In Spring Training 2002, I had lunch with Doug Glanville right after one of our practices. People who don’t know, Doug played in Chicago, but he was the center fielder in Philly before I was there. He took me to lunch. I didn’t know what he wanted to talk about. We sat down, and the first thing he said was, “It’s inevitable.” I said, “What do you mean?” He said, “It’s inevitable. You’re going to come and take my job and I will go somewhere else. My job right now is to make sure, as much as possible, that you’re ready to come to the big leagues.”
He said, you’re the young guy. What happens in baseball, he explained, is the young guy comes up and take the older guy’s job, and the older guy goes somewhere else to play. Then, someone comes up and takes center field from you. It’s the cycle of baseball. It’s just the way things go in life.
I had the chance to do that in Texas. I did that with Julio Borbon. I wish I had another year with him to make sure he was fine, but at the same time, he was ready. I have a similar chance to do that here with Brett. You don’t know how long until he’s ready. I don’t know long I’m going to be here. That word “inevitable” — it’s going to happen. He’s a great talent out there, five tools, very explosive. But at the same time, you can’t come up here and dominate at the big leagues. You have to have that baseball I.Q., and I think it’s important for veterans like me to pass the torch and make sure whoever comes in behind me is 100 percent ready.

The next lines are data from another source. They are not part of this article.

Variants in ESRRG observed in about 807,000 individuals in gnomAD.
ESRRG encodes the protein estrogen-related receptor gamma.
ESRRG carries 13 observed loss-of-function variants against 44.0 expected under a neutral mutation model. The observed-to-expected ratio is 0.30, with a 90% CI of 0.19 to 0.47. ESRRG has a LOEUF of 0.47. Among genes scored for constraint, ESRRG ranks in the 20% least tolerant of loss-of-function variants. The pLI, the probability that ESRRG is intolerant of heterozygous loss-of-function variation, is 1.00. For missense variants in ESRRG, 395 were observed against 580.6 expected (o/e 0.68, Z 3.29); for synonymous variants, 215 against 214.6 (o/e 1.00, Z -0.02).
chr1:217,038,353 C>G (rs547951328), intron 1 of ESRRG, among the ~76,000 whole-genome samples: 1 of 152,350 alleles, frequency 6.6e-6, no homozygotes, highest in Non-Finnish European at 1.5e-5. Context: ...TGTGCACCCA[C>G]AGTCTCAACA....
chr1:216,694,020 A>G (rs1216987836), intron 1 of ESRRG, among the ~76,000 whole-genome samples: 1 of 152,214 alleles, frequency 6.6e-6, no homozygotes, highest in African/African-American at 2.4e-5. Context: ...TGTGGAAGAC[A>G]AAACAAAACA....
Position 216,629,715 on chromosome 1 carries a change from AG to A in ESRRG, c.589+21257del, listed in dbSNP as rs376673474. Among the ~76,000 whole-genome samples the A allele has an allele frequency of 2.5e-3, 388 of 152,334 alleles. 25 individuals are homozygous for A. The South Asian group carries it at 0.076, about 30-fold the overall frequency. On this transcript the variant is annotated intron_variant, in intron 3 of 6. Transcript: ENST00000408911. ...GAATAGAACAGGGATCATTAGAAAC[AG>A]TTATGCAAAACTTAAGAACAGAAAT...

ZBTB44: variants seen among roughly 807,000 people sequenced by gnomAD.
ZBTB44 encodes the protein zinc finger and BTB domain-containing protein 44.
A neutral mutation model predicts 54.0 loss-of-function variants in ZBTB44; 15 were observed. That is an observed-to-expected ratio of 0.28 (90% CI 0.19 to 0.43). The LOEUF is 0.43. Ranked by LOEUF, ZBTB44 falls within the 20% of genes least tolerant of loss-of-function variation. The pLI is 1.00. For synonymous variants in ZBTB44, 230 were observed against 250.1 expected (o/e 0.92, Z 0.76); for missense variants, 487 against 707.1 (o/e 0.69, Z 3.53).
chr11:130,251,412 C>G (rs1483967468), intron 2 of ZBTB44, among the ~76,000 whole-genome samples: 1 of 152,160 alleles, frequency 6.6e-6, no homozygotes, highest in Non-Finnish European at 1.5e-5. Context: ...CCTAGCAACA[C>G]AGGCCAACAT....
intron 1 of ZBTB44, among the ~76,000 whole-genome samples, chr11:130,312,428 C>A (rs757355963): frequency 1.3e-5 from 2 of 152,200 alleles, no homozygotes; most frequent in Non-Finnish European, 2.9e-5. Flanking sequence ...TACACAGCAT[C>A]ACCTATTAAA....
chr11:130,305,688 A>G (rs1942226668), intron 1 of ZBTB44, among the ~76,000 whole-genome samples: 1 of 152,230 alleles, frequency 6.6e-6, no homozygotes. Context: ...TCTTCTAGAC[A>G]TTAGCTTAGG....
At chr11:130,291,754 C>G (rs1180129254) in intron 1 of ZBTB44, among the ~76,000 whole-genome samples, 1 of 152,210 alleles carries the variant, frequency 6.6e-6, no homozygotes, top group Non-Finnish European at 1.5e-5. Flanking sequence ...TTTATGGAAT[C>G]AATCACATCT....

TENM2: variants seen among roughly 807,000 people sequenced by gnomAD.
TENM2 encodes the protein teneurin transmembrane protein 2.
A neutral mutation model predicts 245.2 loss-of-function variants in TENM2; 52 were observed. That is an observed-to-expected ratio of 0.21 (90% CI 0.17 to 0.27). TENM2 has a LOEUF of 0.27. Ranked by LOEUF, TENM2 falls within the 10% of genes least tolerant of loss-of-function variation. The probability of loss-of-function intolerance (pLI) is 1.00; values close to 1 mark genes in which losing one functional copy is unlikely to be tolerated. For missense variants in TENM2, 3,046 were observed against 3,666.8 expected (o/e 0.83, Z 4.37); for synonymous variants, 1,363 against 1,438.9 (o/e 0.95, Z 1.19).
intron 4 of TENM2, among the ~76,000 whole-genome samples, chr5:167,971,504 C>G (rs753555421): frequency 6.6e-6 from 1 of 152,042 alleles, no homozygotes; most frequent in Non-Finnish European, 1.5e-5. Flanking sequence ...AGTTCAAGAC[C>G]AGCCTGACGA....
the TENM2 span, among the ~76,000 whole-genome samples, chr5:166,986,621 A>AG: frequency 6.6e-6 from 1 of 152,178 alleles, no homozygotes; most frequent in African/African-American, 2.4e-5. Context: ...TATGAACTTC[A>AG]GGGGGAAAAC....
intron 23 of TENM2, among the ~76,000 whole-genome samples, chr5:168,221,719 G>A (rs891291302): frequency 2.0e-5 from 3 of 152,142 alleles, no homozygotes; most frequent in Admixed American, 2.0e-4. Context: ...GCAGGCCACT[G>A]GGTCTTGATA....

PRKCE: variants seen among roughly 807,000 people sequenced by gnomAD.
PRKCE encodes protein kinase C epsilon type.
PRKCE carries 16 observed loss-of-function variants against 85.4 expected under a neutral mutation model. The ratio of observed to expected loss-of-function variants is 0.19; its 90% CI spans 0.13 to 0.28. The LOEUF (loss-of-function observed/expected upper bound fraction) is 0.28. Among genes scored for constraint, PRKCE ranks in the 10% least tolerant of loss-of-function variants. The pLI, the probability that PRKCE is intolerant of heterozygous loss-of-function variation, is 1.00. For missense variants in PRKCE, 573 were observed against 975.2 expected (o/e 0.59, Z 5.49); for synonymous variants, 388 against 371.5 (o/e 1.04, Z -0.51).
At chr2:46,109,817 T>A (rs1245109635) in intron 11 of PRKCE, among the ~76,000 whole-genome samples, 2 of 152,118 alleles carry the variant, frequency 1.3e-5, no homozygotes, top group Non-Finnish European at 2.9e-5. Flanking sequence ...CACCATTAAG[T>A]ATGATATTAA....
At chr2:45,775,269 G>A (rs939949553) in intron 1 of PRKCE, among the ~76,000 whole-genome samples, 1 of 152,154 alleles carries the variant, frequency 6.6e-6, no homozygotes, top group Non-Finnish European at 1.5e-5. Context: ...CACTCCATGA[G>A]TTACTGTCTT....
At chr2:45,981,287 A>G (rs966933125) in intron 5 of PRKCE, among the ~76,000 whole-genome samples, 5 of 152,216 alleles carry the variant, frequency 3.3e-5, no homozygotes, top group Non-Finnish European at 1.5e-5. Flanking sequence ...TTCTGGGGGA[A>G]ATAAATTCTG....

I’ll take him out to lunch. At the end of 2009, every road trip, Julio and I went to lunch. We sat and talked. Andruw Jones, too. We’d sit and have conversations. It’s one of those things where I don’t have to look over my shoulder because I know there’s always somebody coming.
That’s the way it works. When Brett’s ready, I’ll move on. That’s just the nature of the game and I accept that and I understand that. I want him when he comes up to go through all the good times and know everything negative that I’ve gone through in baseball — being outrighted, being designated — I don’t want him to have to go through that. I want him to come here ready.